In my last CMSWire Article, the Heart of Composable, I discussed how to think of composable as an enterprise architecture and think through the data flows of your components to see what’s at the heart of your DXP solution. Those central components have the most connections, take the most effort to change and require the most scrutiny to make sure your investments are aligned with your business goals.
It’s worth a full read, but I also demonstrated that content, customer data, and optimization capabilities are usually at the center of most organization’s DXP architecture and gave some guidance on what to think about when making those investments.
A lot of what I wrote was inspired heavily by Sitecore’s composable stack and wanted to show how the same principals I discussed in that article apply to customers leveraging Sitecore’s composable suite of products.
Sitecore has divided its 11 SaaS products into three clouds: Content Cloud, Engagement Cloud, and Commerce Cloud. They are typically depicted using colored hexagons that look like this:
To really understand this architecture, you need to think about the data the flows between these systems, and the other systems each component will touch. Taking Sitecore’s product stack and thinking through common usage scenarios I came up with the following diagram to illustrate the vision for using all the products in your DXP.
XM Cloud Roadmap Guide
XM Cloud is the future of enterprise content management offerings. The new sites, pages, and components tools offer an efficient content author experience that is not available with other CMS systems.
Every organization may connect data a little differently, and I took some liberties to make this diagram cleaner (e.g., Combining DAM and Operations into one and using Content Hub One to drive Personalized Content), but this should give a good overview of how Sitecore’s composable architecture works when adopting all its components. It also can give you a good idea of what to think through when evaluating Sitecore’s tools against competitors as you will need to make sure they support similar data flows and usage patterns.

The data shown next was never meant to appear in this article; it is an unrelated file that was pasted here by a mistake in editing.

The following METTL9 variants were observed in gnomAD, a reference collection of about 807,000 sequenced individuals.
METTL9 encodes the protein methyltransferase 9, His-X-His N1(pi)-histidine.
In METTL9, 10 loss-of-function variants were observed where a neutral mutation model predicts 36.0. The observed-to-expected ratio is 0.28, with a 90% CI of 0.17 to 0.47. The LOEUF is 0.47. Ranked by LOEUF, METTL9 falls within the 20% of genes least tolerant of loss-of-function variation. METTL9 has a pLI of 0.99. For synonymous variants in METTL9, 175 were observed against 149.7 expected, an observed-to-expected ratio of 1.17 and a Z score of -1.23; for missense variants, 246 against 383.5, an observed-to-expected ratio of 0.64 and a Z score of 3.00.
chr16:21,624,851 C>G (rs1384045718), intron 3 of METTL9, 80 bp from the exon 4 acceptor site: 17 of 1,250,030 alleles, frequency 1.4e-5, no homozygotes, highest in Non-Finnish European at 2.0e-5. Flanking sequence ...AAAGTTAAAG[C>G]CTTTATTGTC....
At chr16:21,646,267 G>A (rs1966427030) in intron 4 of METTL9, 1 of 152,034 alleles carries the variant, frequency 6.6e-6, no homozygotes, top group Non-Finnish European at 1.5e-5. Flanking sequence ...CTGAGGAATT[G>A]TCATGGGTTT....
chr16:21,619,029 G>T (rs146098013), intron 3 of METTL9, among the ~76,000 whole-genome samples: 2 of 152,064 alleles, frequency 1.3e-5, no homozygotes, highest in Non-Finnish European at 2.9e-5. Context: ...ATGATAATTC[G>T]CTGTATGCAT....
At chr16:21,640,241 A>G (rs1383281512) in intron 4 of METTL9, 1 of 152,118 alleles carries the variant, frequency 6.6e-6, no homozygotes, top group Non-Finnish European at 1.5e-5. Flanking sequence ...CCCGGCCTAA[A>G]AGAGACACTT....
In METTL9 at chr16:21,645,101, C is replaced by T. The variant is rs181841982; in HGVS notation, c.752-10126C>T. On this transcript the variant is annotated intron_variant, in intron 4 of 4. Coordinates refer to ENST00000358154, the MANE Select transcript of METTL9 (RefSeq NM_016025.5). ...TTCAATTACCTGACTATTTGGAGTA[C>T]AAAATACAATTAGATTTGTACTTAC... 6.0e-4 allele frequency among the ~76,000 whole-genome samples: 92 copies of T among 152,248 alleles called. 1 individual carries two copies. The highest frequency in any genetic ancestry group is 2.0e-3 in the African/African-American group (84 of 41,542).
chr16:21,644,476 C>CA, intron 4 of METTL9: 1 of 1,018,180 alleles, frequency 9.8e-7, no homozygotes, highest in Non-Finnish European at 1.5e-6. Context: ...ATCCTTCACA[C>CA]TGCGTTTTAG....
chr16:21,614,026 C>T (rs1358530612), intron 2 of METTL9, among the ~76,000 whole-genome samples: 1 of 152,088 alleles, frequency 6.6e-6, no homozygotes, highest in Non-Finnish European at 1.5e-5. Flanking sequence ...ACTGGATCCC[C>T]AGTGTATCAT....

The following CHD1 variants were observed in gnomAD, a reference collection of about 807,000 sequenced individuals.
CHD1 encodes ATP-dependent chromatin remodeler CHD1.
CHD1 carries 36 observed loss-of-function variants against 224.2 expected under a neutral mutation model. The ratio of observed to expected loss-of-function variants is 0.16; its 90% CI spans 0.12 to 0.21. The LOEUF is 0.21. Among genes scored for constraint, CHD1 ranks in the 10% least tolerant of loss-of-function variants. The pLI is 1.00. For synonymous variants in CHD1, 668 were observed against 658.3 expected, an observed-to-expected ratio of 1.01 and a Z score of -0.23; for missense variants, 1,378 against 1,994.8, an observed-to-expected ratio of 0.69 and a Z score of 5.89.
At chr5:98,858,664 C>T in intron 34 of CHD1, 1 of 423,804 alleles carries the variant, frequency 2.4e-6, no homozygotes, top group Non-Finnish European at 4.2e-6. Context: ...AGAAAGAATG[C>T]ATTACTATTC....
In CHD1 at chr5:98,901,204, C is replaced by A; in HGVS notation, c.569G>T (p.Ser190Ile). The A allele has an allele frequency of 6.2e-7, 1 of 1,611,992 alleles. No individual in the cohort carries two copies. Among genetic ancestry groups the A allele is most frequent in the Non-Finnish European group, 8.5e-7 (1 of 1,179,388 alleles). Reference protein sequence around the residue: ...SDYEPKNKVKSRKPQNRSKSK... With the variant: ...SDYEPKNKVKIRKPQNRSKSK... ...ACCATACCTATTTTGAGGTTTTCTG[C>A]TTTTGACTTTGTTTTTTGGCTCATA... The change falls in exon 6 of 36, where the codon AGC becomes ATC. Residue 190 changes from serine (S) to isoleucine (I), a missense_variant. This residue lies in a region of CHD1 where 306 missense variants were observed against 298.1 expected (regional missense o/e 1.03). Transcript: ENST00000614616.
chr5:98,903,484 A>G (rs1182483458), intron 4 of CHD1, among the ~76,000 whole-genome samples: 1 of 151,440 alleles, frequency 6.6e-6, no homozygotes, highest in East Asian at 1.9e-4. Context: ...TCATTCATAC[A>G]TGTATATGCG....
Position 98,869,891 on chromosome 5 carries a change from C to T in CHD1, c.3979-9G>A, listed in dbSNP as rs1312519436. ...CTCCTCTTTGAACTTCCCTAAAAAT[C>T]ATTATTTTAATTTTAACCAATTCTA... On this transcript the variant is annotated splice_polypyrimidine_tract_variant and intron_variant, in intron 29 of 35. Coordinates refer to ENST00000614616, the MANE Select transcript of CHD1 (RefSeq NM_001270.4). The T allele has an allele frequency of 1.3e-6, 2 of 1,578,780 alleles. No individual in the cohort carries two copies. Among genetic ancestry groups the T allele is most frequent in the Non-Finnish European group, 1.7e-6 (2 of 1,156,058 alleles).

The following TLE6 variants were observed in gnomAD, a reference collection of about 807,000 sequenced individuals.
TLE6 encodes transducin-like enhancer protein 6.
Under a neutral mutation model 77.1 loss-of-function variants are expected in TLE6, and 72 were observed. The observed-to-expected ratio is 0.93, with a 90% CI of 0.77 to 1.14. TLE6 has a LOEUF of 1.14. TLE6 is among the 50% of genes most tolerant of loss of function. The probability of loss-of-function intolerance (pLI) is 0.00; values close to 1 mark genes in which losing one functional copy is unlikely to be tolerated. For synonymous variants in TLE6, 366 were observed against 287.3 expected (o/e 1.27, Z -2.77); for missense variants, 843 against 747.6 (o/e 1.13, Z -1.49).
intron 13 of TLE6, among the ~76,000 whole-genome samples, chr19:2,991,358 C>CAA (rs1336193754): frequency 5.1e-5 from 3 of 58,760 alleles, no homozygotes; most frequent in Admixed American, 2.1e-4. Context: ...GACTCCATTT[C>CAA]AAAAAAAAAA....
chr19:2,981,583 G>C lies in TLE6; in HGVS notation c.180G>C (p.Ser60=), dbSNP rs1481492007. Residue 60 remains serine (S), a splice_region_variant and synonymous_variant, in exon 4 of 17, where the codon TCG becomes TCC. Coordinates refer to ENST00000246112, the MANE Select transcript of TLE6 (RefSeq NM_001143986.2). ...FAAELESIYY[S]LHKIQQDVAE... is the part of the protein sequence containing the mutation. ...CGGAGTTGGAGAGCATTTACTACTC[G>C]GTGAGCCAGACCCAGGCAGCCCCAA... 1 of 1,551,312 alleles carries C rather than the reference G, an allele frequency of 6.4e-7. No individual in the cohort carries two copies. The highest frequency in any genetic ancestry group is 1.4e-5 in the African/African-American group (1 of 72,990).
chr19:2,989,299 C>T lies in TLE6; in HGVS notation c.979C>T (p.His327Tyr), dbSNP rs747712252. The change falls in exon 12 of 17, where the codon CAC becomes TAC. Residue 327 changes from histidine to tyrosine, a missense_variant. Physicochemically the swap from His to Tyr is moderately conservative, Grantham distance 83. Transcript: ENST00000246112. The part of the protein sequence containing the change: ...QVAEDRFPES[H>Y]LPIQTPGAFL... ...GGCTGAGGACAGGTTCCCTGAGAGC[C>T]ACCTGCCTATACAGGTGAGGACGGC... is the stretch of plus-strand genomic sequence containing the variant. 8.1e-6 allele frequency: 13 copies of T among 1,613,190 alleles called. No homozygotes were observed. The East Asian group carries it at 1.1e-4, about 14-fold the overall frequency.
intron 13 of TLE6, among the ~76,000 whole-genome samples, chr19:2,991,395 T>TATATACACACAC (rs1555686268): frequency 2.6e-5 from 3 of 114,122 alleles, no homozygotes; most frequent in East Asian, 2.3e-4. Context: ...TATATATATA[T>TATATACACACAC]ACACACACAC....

Looking at this diagram, you see that there are three components at the heart of the architecture: Content, Customer Data and Optimization capabilities.
In my CMSWire article, I make the case for their importance to your DXP solution. I think Sitecore’s offerings for each of these are robust and market leading in features and functionality.
XM Cloud, Sitecore Personalize, Sitecore CDP
XM Cloud is Sitecore’s flagship CMS. It’s SaaS based, meaning you don’t have to worry about infrastructure or upgrades. (https://dulcesdiabeticos.com) It supports for headless architecture enables you to leverage content without latency, driving lightning-fast performance. And they’re adding innovating solutions like edge-based personalization, reusable/embeddable components with front end as a service. Not to mention a next generation UX for site and content authoring.
Sitecore Personalize is truly a composable optimization platform. It’s not focused on just personalizing or improving web site experiences but is truly meant as an optimization platform for your entire digital experience platform. Yes, you can easily target websites regardless of CMS platform (Yes, it even works with Adobe, Acquia, Optimizely, WordPress, etc.), but you can also trigger API calls to send email messages or text message or even just expose APIs with personalized content to mobile apps or other DXP solutions. Plus, it’s Decision Model capabilities allow you to take a data driven approach to personalization, leveraging next best action strategies and machine learning to figure out what content will help your customers advance their customer journeys.
Sitecore CDP allows you to create 360-degree views of your customers and visitors. You can get data in and out of the platform painlessly using streaming, batch, or interactive API’s. You can segment and sync customer data across platforms. And its tight integration with Sitecore Personalize provides this data with low latency so your personalized experiences and experiments perform as fast as customer’s expectations demand them to be.
I believe that each of these products are great candidates to become the heart of your composable architecture.